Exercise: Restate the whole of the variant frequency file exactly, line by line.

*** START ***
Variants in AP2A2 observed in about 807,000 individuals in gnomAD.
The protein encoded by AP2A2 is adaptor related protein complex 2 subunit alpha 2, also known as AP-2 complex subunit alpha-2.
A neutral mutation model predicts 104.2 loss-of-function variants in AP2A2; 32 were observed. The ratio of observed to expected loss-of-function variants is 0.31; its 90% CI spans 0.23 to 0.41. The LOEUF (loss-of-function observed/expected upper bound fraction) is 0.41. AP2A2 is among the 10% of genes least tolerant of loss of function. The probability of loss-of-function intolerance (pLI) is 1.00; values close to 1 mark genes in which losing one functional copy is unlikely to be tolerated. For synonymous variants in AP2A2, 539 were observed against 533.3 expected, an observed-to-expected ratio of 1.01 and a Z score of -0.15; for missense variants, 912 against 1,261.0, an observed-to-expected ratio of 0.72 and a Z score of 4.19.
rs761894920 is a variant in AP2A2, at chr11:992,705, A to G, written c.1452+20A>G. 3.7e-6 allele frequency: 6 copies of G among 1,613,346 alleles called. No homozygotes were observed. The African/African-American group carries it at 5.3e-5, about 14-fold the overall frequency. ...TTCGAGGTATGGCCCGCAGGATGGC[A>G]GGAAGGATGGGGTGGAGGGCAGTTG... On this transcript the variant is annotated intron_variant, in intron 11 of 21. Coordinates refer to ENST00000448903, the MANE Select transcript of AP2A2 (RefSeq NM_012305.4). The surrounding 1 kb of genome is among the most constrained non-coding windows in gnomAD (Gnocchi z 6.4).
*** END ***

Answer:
Variants in AP2A2 observed in about 807,000 individuals in gnomAD.
The protein encoded by AP2A2 is adaptor related protein complex 2 subunit alpha 2, also known as AP-2 complex subunit alpha-2.
A neutral mutation model predicts 104.2 loss-of-function variants in AP2A2; 32 were observed. The ratio of observed to expected loss-of-function variants is 0.31; its 90% CI spans 0.23 to 0.41. The LOEUF (loss-of-function observed/expected upper bound fraction) is 0.41. AP2A2 is among the 10% of genes least tolerant of loss of function. The probability of loss-of-function intolerance (pLI) is 1.00; values close to 1 mark genes in which losing one functional copy is unlikely to be tolerated. For synonymous variants in AP2A2, 539 were observed against 533.3 expected, an observed-to-expected ratio of 1.01 and a Z score of -0.15; for missense variants, 912 against 1,261.0, an observed-to-expected ratio of 0.72 and a Z score of 4.19.
rs761894920 is a variant in AP2A2, at chr11:992,705, A to G, written c.1452+20A>G. 3.7e-6 allele frequency: 6 copies of G among 1,613,346 alleles called. No homozygotes were observed. The African/African-American group carries it at 5.3e-5, about 14-fold the overall frequency. ...TTCGAGGTATGGCCCGCAGGATGGC[A>G]GGAAGGATGGGGTGGAGGGCAGTTG... On this transcript the variant is annotated intron_variant, in intron 11 of 21. Coordinates refer to ENST00000448903, the MANE Select transcript of AP2A2 (RefSeq NM_012305.4). The surrounding 1 kb of genome is among the most constrained non-coding windows in gnomAD (Gnocchi z 6.4).